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Snuffing Out Smoking

City ban hits chaw at sports sites

Tobacco took a hit on March 16 when the Chicago City Council upped the city’s smoking age to 21, tacked a $6 million tax on cigars, roll-your own tobacco and smokeless tobacco, and placed a ban on “chewing tobacco” at sports stadiums. The sweeping anti-smoking ordinance is key to Mayor Rahm Emanuel’s agenda to drive the teen smoking rate down to 10.7%, and achieving what he calls the “attainable goal” of creating a “tobacco-free generation.” “Chicago has one of the lowest teen smoking rates—not only in history, but in the country. This is an important step,” the mayor said.

On March 11, in a prelude to passing the wide ranging smoking ordinance, the City Council Finance Committee unanimously endorsed the prohibition of the use of chewing tobacco at baseball games and other sporting events. The unanimous vote came after U.S. Sen. Dick Durbin pressed aldermen to “finally knock tobacco out of the ballpark”—a take on a phrase used by the Campaign for Tobacco-Free Kids. Adding testimony for snuffing out smokeless tobacco was CMS President, Kathy M. Tynus, MD, who provided details to the committee.

“It’s not just smoking that poses a serious threat,” Dr. Tynus said. “Make no mistake: Smokeless tobacco is a dangerous, addictive product that causes cancer, heart disease and other serious illnesses.” The CMS president further pointed out that smokeless tobacco has nearly 30 cancer-causing chemicals that cause various types of cancer and other health hazards—and can lead to nicotine addiction.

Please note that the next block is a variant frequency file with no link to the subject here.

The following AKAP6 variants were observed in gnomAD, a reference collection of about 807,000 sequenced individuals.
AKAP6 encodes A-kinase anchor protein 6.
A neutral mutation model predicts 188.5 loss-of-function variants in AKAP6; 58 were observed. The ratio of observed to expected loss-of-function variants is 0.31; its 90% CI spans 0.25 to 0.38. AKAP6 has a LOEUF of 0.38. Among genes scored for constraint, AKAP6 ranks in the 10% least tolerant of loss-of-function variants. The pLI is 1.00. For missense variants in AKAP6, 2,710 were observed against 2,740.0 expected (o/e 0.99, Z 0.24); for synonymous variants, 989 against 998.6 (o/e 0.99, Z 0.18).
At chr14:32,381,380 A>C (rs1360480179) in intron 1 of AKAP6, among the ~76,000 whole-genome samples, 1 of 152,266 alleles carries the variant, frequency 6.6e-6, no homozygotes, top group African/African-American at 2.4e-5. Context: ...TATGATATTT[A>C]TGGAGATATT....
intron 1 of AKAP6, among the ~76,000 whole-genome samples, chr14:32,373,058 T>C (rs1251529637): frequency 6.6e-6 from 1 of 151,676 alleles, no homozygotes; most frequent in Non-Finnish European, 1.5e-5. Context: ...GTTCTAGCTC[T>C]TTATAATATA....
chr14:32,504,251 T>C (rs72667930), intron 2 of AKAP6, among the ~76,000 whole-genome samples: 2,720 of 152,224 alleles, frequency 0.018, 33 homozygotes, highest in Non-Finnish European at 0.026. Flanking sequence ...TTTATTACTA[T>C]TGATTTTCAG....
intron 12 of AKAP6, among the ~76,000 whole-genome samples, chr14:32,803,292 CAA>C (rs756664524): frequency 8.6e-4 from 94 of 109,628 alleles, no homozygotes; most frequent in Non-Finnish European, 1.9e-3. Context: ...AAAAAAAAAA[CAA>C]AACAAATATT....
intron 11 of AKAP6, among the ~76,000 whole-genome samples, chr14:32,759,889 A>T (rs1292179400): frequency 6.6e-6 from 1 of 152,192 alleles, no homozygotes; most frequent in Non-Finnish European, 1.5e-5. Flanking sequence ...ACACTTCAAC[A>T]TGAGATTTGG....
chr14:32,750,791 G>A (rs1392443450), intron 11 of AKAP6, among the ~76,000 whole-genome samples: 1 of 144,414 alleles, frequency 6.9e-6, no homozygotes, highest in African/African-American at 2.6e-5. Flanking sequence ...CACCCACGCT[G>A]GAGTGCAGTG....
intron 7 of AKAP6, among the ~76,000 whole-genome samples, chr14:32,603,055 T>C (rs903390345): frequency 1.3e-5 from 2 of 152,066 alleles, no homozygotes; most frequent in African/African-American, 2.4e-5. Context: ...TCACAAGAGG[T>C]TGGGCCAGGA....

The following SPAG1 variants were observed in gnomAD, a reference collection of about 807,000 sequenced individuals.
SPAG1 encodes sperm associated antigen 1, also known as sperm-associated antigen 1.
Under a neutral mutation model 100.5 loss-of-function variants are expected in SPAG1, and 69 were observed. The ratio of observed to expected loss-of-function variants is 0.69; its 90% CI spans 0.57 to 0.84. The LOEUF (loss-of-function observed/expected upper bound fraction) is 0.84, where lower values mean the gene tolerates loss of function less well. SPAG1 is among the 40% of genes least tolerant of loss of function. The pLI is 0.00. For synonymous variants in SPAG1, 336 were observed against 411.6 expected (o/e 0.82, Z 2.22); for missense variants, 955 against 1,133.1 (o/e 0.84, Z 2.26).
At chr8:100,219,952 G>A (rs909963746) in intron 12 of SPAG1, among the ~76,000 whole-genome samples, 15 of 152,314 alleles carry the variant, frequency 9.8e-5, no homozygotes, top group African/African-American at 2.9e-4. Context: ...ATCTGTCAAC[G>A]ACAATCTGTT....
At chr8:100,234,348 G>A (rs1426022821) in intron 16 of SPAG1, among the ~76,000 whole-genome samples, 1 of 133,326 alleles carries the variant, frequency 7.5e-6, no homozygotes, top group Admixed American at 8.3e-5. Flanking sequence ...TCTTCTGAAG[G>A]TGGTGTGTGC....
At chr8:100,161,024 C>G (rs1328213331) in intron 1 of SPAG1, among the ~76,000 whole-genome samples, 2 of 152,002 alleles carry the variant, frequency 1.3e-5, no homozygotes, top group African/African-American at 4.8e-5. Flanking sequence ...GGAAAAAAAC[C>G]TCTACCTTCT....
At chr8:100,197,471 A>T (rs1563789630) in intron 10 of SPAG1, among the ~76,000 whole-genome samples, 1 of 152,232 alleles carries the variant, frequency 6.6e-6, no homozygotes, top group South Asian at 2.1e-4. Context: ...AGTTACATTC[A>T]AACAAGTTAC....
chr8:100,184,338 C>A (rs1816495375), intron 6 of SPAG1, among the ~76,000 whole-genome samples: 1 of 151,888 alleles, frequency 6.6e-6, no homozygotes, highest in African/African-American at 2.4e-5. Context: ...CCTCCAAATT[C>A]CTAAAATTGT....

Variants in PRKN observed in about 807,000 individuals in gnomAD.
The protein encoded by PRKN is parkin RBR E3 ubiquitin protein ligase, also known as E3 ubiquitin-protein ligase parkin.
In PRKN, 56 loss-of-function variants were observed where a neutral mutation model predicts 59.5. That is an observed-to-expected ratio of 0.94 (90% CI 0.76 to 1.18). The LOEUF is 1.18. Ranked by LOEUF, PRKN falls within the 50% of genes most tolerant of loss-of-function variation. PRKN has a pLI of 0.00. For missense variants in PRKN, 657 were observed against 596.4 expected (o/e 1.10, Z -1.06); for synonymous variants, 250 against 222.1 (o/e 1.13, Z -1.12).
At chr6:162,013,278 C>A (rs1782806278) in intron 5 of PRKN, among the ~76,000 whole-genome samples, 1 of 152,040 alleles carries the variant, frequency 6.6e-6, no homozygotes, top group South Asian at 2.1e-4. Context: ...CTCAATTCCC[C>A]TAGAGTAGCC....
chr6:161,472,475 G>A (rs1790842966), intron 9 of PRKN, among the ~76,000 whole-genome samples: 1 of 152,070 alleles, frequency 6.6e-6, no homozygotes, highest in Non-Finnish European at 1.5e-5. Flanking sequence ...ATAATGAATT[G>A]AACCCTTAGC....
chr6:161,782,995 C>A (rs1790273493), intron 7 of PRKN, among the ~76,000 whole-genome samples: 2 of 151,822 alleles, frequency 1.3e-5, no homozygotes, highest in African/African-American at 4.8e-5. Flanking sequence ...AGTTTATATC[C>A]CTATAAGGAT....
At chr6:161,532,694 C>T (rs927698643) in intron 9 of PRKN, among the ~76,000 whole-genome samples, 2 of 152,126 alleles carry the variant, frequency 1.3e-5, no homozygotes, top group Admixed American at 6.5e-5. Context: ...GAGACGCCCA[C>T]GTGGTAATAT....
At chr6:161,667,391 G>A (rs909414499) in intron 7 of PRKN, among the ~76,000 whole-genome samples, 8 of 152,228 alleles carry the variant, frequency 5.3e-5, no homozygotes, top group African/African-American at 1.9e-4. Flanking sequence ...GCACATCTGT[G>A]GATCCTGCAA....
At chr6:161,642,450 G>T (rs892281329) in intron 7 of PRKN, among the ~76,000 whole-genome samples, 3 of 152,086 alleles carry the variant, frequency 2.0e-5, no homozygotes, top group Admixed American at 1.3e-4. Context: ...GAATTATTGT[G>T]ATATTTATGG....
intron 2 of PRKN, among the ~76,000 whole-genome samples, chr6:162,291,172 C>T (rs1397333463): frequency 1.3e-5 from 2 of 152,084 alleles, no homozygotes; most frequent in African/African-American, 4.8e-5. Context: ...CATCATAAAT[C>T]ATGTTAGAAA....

Dr. Tynus, who is also an outpatient-based primary care internist at Northwestern Medicine, provided additional “red flags” about smokeless tobacco:

The International Agency for Research on Cancer (IARC) and the Department of Health and Human Services National Toxicology Program have concluded that smokeless tobacco is a known human carcinogen. IARC has concluded that smokeless tobacco causes oral cancer, which can require disfiguring surgery, and pancreatic cancer, which is an especially deadly form of cancer.

Smokeless tobacco use also has significant cardiovascular effects, and has been linked to fatal heart attacks. Some studies have also linked smokeless tobacco use to adverse reproductive outcomes during pregnancy, including preeclampsia, premature birth, and low birth-weight.

Smokeless tobacco use is associated with pre-cancerous lesions in the mouth or leukoplakia, gum recession and disease of the gums, and tooth decay.

Dr. Tynus emphasized there is reason to worry that smokeless tobacco use by young persons may serve as a gateway to cigarette smoking, this nation’s leading preventable cause of premature death and disease. “We are not just talking about a harmless habit or something that all ballplayers do. We’re talking about the use of a deadly and destructive product that has no place in kids’ lives and no place in baseball.”

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